Sloth bears have a unique history with humans. They are well-known for their docile nature and intelligence when tamed. However, they are equally known for their deadly aggression in the wild. Hundreds of well-documented attacks have occurred throughout India's history.
Spectacled Bear - Tremarctos ornatus: The spectacled bear is the only remaining bear in South America. It is also the sole surviving member of the short-faced bear subfamily. Despite the presumed carnivorous habits of its extinct relatives, this medium-sized bear is almost completely herbivorous. Less than 10% of its diet consists of meat. Unusually for forest-dwelling bears, very little of the spectacled bear's diet is made up of invertebrates.
Sun Bear - Helarctos malayanus: This is the world's smallest bear, with the larger specimens rarely exceeding 150 pounds. It inhabits the jungles of Southeast Asian and the islands of Malaysia. Like most other bears, the sun bear is omnivorous and is a very opportunistic feeder. In the areas where there territories meet, the smaller sun bear is often preyed on by the bigger Asian black bear.
Giant Panda - Ailuropoda melanoleuca: The giant panda is the only truly herbivorous member of the bear family (Ursiidae). It has a specially adapted thumb to grip its main meal - bamboo. These bears are exclusive to China and are strictly protected by the Chinese government as a symbol of that country.
This is the weasel family. It includes weasels, polecats, wolverines, badgers, and otters. Skunks are classified in this family as well, although they are sometimes put in their own family - Mephitidae. Currently, there are four subfamilies of Mustelids: Mephitinae, Mustelinae, Lutrinae, and Melinae.
These are the skunks and stink badgers. They include the four species of hog-nosed skunk, the four species of spotted skunk, and the two species of striped skunk. These ten species are spread throughout the Americas, from the southern tip of South America to Northern Canada.
Only two species, the stink badgers, exist outside of the Western Hemisphere. They live in the forests of Malaysia.
This is the largest and most widespread subfamily of mustelids. It includes a huge range of habitats, sizes, and habits. At the time of writing this hub, there are 11 genera.
Mustela - this is the largest genus of mustelids, with 17 species. They include all of the "typical" weasels, minks, stoats and polecats. The smallest living carnivore (the least weasel) belongs to this genus.
Martes - These animals are very similar to true weasels, if only slightly larger. They are very arboreal, spending most of their lives in conifer trees. Included in the genus are the fisher, the sable, and the 6 species of marten.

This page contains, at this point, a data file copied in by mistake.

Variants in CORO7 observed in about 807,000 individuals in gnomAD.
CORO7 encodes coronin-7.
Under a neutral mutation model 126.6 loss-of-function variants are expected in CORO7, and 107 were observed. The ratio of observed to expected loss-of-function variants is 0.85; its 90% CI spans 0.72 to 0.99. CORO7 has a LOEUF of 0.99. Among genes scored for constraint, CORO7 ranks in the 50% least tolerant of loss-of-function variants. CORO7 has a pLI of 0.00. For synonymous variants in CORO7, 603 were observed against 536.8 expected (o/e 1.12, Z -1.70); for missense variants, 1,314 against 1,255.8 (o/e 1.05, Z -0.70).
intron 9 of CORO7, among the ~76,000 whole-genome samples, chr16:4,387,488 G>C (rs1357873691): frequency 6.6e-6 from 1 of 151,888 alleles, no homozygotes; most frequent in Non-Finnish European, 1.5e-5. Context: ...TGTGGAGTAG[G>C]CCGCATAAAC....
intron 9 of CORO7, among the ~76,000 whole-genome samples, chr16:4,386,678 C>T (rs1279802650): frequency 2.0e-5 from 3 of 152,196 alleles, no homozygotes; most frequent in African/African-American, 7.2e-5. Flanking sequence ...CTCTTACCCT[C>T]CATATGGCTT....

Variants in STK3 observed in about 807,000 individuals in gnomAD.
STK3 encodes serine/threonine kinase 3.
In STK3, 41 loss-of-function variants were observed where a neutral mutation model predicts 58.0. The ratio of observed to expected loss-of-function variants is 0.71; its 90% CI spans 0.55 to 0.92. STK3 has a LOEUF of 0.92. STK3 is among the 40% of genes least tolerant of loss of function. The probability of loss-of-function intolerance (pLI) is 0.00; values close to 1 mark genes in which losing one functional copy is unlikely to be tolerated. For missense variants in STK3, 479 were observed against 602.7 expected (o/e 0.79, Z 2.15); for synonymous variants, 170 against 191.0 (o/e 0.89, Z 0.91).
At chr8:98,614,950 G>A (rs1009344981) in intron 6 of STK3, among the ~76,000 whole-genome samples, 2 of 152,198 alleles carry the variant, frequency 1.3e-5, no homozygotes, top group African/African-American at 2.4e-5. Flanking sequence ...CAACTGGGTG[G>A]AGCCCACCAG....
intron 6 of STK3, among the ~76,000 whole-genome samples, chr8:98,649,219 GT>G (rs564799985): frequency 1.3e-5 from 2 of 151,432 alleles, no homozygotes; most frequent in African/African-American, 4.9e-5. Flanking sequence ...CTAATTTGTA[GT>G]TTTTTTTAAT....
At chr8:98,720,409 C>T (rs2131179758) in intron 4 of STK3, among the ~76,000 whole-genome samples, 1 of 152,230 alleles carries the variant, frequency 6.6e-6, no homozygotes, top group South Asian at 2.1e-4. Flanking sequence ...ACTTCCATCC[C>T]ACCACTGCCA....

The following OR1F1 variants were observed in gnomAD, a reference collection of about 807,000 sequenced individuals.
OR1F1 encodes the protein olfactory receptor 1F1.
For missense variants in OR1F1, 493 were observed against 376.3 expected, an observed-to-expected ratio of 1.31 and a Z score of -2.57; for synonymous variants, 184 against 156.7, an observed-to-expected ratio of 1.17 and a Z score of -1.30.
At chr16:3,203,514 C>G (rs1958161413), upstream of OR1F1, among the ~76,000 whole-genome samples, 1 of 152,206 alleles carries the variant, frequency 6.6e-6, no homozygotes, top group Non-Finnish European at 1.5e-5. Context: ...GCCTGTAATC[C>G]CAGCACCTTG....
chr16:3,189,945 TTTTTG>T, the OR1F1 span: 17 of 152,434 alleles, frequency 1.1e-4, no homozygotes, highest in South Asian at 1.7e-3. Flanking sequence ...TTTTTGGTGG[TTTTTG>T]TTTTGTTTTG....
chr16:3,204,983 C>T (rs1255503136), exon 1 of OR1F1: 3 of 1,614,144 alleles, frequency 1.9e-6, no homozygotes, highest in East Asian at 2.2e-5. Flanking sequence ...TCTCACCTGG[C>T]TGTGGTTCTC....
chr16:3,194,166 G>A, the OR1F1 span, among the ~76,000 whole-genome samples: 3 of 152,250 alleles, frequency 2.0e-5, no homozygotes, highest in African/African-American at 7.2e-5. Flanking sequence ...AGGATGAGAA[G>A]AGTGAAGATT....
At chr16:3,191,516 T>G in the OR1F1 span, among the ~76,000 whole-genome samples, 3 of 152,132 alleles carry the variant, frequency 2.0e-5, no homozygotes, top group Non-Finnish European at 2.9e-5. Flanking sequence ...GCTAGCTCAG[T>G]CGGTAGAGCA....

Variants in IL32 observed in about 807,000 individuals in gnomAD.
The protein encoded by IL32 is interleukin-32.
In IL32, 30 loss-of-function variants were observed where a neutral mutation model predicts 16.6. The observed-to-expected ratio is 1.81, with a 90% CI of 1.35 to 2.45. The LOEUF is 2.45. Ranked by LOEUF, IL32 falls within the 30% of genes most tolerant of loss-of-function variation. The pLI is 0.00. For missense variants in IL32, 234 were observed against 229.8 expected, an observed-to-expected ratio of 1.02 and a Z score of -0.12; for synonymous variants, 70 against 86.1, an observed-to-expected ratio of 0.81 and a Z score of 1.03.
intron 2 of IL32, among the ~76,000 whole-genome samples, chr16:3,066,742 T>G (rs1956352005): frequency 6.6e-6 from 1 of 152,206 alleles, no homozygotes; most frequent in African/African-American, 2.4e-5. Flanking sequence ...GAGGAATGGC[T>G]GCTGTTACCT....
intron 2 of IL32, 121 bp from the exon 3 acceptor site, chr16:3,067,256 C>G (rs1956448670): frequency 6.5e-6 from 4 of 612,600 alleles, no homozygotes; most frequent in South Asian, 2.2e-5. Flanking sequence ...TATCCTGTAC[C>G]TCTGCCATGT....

Eira - the Tayra. Like the martens, the tayra is arboreal. It is extremely agile, has fairly long legs, and has even been observed leaping from one tree to another.
Galictis - the two species of grison. Grison are small, black-and-white carnivores that inhabit the forests of South America.
Ictonyx - two species of striped polecat. These creatures are similar in build to true weasels, but are colored like a skunk. They arid areas of Africa.
Lyncodon - the Patagonian weasel. Little is known about this small carnivore. Further research may re-classify it as the 18th species of Mustela.
Gulo - One of the more well known mustelids, the wolverine. This is one of the largest members of its family, sometimes weighing more than 50 pounds! It is an active hunter, and preys on anything from rabbits to reindeer.
Neovision - the mink. The mink is similar in build to the species of Mustela, but closer in size to the species of Martes. It lives throughout North America, where it spends most of its time hunting in fresh water streams and ponds.
Poecilogale - The African striped weasel. This carnivore is currently in its own genus, but could eventually be re-grouped into the Ictonyx genus.
Vormela - The marbled polecat. This is one of the most strikingly colored member of the mustelid family. It has a beautiful brown, black, yellow, and white coat. It can be found throughout the temperate regions of Asia.
Melivora - The honey badger. There is some debate about where the honey badger should be classified. It was once grouped together with the true badgers of the Melinae. Later it was suggested that it was different enough from other badgers to be placed in its own subfamily, Melivorinae. The current trend is to place it in Mustelinae with its closest relatives, the species of Martes.
These are the seven genera and thirteen species of otter. As a rule, otters are aquatic. They mostly inhabit freshwater streams, rivers and lakes. The exception to this is the sea otter, which spends most of its life in the Pacific ocean.
Generally, otters tend to be larger than other mustelids. The smallest otter (the small-clawed otter) is around 2 feet in length and about 3 pounds. The largest otters are the giant otter of the Amazon and the sea otter of the western United States. Both are between 6 and 7 feet long and can weigh up to 100 pounds.
These are the badgers and ferret badgers. Sometimes the four genera are placed in two separate subfamilies, but it is clear that they are closer related to each other than to any other mustelid.
The genus Meles contains the three species of Old World badger - the European, Japanese and Asian badgers. Closely related to Meles is the hog badger (Arctonyx colaris). Four species of ferret-badgers make up the genus Melogale. The American Badger (Taxidea taxus) is endemic to North America, where they are one of the largest living mustelids. Of all the mustelids in North America, only the sea otter and the wolverine exceed the American badger in size.
Amazon results for "otter
The procyonids are a diverse and widespread family of carnivores. There are seven genera and sixteen species.
Procyon - these are the three species of raccoon. Easily the most famous member of its family, the raccoon can be found from southern Brazil to northern Canada. Smaller, introduced populations also exist in Japan and western Europe.
Nasua and Nasuella - the four species of coati. Each genus holds two species. Nasua includes the common and the white-nosed coati. Two species of mountain coati (the Eastern and Western mountain coati) make up the genus Nasuella.
Potos - the kinkajou
Ailurus - the red panda. Many disagree with the red panda's placing in Procyonidae, and there is a growing movement to place it in its own family - Auliridae.
Bassaricyon - The five species of olingo
Bassariscus - the ringtail and the cacomistle
At one time the walrus, seals, and sea lions were classified as carnivores. But the obvious differences between the two groups are leading some scientists to classify them in their own order - Pinnipedia.